Anniston resident Jeff Crow became interested in being an Uber driver after hearing a friend talk about it. “I asked him some questions, then went to research it,” Jeff said. “It’s a bit of a process to apply.”
A potential driver — or rather “partner,” as the company prefers drivers to be called — needs a driver’s license, of course, and proof of insurance before being interviewed. The designated vehicle must undergo a 20-point inspection, inside and out, with a written report submitted to Uber. The process must be repeated every year.
After he met all of Uber’s requirements, Jeff became authorized to work anywhere in the state of Alabama. If he wanted to venture to a city over the state line, say to Atlanta or Chattanooga, he’d have to go through the entire inspection process again to match those state’s requirements.
No need for that, though, as Jeff has enough to keep him busy here locally. He has worked in Birmingham a few times, but needs the help of a GPS to transport passengers where they want to go. He prefers the lay of the land right here in Calhoun County, as he’s familiar with all the shortcuts on how to get from one place to another. He doesn’t know the destination, however, until he picks up his fare. “It could be around the block or all the way to Mobile,” he said.
Thus far, the shortest ride he’s ever provided was taking a passenger from an Oxford hotel to a restaurant. The longest, from one end of the county to the other.
By day, Jeff works as a tattoo artist. “Been doing that, and piercings, for 20 years,” he said. During work time, he is considered offline with Uber, but in the evenings, he switches to online status, receiving several “pings” a week. That’s what it’s called when a customer calls for an Uber.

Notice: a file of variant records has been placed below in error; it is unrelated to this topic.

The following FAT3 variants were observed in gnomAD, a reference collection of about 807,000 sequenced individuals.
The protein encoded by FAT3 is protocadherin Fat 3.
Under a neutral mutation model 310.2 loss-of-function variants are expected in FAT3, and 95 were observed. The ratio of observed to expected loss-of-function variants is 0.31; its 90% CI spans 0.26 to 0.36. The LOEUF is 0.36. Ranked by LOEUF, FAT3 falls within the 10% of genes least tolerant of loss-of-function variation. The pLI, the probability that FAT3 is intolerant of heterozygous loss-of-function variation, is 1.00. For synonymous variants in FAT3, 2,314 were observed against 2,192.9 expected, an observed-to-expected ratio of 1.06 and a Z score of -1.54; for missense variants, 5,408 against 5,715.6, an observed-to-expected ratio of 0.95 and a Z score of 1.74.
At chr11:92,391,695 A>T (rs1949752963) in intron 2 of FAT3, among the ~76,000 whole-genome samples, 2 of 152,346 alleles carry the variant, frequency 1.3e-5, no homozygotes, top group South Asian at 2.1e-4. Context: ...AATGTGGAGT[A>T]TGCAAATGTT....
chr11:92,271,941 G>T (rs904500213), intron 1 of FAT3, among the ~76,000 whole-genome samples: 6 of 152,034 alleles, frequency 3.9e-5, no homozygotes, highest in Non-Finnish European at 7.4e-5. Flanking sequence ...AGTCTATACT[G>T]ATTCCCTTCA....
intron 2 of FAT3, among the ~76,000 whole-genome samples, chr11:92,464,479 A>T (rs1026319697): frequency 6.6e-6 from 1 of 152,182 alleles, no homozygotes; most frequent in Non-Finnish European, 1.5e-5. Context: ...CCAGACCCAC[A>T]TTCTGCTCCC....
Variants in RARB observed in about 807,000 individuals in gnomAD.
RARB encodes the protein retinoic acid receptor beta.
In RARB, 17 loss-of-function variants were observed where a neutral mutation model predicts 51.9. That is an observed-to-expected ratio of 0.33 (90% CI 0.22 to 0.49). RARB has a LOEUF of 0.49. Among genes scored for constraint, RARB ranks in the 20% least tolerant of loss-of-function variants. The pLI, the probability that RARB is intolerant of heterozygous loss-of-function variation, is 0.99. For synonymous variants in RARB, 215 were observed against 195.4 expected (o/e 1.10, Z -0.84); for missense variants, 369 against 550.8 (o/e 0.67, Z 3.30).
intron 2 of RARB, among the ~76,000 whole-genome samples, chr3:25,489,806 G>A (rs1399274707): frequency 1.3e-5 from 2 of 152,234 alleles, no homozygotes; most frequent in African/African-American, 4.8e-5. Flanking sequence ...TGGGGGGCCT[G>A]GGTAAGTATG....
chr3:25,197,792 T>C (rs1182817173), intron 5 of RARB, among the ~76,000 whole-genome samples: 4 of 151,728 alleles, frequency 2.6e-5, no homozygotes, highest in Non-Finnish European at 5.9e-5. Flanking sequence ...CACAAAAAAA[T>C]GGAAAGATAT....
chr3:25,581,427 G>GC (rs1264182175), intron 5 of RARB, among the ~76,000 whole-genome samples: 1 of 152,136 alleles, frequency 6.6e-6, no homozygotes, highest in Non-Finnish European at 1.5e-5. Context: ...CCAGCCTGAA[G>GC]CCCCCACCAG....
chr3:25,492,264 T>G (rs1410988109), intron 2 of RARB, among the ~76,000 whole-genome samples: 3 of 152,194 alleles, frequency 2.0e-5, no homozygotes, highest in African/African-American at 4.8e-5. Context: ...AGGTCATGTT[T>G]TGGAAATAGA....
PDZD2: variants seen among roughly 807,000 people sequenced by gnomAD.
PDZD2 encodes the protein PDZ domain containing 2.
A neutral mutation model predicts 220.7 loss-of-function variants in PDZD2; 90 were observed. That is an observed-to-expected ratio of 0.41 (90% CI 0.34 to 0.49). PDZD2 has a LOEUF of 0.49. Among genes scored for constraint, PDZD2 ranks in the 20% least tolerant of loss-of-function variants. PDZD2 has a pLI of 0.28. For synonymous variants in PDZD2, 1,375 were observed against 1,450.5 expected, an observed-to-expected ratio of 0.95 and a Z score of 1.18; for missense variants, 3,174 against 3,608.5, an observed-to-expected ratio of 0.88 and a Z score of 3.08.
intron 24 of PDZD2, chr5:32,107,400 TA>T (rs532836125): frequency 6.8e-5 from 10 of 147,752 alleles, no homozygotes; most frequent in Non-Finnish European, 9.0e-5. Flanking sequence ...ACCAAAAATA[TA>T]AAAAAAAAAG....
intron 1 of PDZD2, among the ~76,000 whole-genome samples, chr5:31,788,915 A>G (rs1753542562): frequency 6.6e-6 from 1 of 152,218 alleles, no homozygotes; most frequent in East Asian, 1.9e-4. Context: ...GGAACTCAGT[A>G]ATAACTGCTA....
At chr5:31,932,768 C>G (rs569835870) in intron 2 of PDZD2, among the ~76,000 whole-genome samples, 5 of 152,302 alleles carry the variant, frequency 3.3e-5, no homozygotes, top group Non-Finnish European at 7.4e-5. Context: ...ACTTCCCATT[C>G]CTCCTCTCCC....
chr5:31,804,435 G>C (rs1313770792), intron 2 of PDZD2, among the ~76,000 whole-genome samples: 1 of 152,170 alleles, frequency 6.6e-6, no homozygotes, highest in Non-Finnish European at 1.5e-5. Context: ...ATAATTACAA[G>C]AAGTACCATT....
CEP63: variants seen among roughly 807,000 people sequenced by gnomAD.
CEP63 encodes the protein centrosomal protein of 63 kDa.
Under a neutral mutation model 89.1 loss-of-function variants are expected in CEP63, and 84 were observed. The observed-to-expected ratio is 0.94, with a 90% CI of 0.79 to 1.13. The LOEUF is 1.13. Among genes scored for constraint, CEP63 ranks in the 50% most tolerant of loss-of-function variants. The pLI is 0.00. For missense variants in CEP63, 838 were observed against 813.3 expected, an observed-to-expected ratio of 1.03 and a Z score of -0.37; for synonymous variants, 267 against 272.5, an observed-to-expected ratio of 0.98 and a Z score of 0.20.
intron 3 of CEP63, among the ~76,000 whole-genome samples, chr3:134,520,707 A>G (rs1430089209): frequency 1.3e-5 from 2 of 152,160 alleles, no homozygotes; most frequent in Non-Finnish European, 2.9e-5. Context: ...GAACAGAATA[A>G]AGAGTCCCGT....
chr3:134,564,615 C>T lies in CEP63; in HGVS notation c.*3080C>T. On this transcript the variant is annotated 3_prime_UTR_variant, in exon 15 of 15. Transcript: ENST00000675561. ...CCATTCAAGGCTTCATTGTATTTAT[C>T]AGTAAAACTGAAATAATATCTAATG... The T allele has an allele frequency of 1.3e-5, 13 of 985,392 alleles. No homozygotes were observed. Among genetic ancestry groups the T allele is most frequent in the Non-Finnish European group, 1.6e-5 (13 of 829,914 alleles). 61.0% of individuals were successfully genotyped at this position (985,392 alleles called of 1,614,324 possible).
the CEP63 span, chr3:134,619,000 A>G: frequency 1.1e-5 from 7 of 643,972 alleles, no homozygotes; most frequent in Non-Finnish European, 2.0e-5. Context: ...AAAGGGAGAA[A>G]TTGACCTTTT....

Modern technology being what it is allows Uber to determine the location of all their partners. The one closest to the customer is pinged first. If that partner declines, it goes to the next nearest driver. If a partner declines too many pings, they’ll be penalized, but that’s not an issue for Jeff. He has yet to decline one.
Once a passenger is in his vehicle, Jeff presses the start button on his phone’s Uber app. “At that point, the meter is running,” he said, but he doesn’t have to handle collecting payment. Uber has the customer’s credit card information and takes care of that part. They then transfer his pay, as well as any tips, to his account.
Uber will provide a route map to the passenger’s destination, but if Jeff knows a quicker way to go, he’s allowed to take it. “Being a shorter ride, it saves the passenger money,” he said. Saving his riders money is not the only way Jeff aims for good customer service. “I keep bottles of water on hand and have every kind of music ready with Spotify.”
How much conversation takes place between partner and passenger? “I break the ice with a question or two and let them take it from there,” Jeff said. “Some want to chat and I’m good with that, but if they don’t, I’m good with that, too.”
Customer satisfaction is important to an Uber partner since they are rated at the end of the ride. It’s a two-way street, though, as the passengers are rated, too. Once customers exit the vehicle, Jeff rates them on a scale of 1 to 5 (one being worst, five best). After doing so, the customers then rate him.
Jeff has worked hard to maintain a 5-star rating, but that all changed one night when an extremely inebriated passenger got in his car. “It was a bad situation,” Jeff said, shaking his head at the memory. “Very hostile.” As soon as the intoxicated rider stepped out, Jeff rated him with one star. The passenger did the same for Jeff, which he was expecting. It caused his 5-star rating to drop to 1.8, which he was not expecting. It took him several weeks to build back up and, at the time of this writing, he stands at 4.83.
Jeff had the option to block that particular passenger from ever pinging him again, which he did, but as a rule, he doesn’t check passenger’s ratings. “I don’t pay attention to it,” he admitted. “But I probably should.”
Overall, Jeff enjoys the Uber life and considers it a good source of supplemental income with an added bonus. “I get to meet new and interesting people every day,” he said.
Donna Barton’s column appears every Sunday. Contact her at firstname.lastname@example.org.